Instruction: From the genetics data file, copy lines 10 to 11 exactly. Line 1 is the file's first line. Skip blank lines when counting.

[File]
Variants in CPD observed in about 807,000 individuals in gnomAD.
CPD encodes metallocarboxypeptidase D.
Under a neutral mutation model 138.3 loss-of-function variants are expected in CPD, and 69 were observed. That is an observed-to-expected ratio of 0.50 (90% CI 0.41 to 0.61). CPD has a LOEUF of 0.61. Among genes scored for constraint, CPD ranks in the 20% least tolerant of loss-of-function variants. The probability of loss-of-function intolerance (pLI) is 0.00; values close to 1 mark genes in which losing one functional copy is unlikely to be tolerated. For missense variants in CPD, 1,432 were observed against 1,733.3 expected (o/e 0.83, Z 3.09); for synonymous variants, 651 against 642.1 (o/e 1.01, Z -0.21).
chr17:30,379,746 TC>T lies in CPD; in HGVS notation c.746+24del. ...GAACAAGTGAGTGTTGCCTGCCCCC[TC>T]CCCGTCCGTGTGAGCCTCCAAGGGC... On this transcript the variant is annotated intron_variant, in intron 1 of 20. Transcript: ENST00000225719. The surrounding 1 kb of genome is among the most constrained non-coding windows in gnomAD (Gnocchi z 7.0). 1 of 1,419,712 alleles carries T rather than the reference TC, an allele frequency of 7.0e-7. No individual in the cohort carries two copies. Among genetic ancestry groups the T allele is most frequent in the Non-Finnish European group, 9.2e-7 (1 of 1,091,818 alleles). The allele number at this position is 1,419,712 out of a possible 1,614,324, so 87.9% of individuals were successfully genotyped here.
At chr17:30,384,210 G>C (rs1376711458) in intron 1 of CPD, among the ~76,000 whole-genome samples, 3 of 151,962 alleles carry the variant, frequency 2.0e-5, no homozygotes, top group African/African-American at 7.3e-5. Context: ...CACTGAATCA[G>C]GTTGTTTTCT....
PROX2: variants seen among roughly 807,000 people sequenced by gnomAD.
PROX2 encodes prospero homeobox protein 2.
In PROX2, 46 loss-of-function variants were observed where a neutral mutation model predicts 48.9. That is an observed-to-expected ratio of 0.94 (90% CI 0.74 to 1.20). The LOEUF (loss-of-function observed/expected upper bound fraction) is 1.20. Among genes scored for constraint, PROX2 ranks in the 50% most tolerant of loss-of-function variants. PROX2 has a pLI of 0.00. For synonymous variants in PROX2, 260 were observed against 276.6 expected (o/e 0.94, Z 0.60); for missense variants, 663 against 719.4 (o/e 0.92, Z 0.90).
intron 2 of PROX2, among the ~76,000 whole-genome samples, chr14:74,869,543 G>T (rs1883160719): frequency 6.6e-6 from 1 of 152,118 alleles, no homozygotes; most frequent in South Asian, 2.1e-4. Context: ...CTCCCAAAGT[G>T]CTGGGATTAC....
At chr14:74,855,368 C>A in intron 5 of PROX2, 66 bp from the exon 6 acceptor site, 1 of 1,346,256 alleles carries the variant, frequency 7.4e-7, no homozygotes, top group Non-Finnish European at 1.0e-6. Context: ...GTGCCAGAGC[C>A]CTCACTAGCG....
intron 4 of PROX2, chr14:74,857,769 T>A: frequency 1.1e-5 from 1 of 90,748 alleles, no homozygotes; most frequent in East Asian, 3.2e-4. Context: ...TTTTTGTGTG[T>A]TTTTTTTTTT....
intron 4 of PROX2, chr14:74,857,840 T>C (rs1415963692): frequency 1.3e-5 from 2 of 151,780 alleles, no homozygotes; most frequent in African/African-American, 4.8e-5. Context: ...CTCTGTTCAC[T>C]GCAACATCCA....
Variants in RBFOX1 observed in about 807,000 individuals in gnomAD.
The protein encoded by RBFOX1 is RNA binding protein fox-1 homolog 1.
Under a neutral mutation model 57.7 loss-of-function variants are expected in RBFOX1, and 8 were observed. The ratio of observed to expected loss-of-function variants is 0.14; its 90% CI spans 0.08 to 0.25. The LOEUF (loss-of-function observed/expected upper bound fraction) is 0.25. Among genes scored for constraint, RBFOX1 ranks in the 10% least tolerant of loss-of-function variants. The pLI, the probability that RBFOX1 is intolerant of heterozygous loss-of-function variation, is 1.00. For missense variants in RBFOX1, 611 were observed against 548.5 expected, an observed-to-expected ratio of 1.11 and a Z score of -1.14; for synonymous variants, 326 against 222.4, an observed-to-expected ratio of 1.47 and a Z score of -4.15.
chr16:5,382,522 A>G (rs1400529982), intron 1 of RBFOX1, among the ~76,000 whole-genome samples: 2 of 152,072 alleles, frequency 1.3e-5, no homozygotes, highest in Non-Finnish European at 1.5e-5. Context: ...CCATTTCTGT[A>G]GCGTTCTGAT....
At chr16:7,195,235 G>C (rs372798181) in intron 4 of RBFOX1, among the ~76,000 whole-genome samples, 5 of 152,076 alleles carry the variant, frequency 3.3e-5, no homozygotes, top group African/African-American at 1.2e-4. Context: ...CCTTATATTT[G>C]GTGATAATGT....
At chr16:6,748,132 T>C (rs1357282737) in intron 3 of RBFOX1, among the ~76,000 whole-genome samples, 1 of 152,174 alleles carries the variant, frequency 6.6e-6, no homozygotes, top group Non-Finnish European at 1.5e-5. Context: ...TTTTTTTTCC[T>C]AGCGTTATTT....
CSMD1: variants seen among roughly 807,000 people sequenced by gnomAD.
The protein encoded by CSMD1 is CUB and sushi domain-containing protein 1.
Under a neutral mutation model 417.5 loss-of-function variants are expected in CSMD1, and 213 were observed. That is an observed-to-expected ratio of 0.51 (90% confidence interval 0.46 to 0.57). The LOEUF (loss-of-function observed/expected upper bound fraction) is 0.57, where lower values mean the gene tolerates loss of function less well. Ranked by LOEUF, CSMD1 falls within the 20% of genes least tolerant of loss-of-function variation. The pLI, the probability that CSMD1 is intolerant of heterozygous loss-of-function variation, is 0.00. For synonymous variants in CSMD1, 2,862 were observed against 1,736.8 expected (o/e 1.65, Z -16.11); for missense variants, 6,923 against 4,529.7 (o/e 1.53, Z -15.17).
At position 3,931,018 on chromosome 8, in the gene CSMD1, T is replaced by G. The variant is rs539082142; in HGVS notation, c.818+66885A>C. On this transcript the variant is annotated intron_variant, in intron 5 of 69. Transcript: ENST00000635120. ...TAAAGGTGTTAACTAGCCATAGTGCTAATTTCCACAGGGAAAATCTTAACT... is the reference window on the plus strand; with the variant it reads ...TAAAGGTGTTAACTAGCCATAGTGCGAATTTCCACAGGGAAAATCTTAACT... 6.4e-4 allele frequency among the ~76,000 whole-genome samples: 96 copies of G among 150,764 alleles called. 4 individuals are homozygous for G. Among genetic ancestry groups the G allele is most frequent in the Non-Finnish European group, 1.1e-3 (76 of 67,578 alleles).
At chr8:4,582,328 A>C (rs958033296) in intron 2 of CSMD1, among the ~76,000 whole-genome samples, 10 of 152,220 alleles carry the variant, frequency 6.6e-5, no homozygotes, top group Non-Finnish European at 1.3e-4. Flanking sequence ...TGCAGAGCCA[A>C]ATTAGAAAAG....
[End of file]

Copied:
At chr14:74,855,368 C>A in intron 5 of PROX2, 66 bp from the exon 6 acceptor site, 1 of 1,346,256 alleles carries the variant, frequency 7.4e-7, no homozygotes, top group Non-Finnish European at 1.0e-6. Context: ...GTGCCAGAGC[C>A]CTCACTAGCG....
intron 4 of PROX2, chr14:74,857,769 T>A: frequency 1.1e-5 from 1 of 90,748 alleles, no homozygotes; most frequent in East Asian, 3.2e-4. Context: ...TTTTTGTGTG[T>A]TTTTTTTTTT....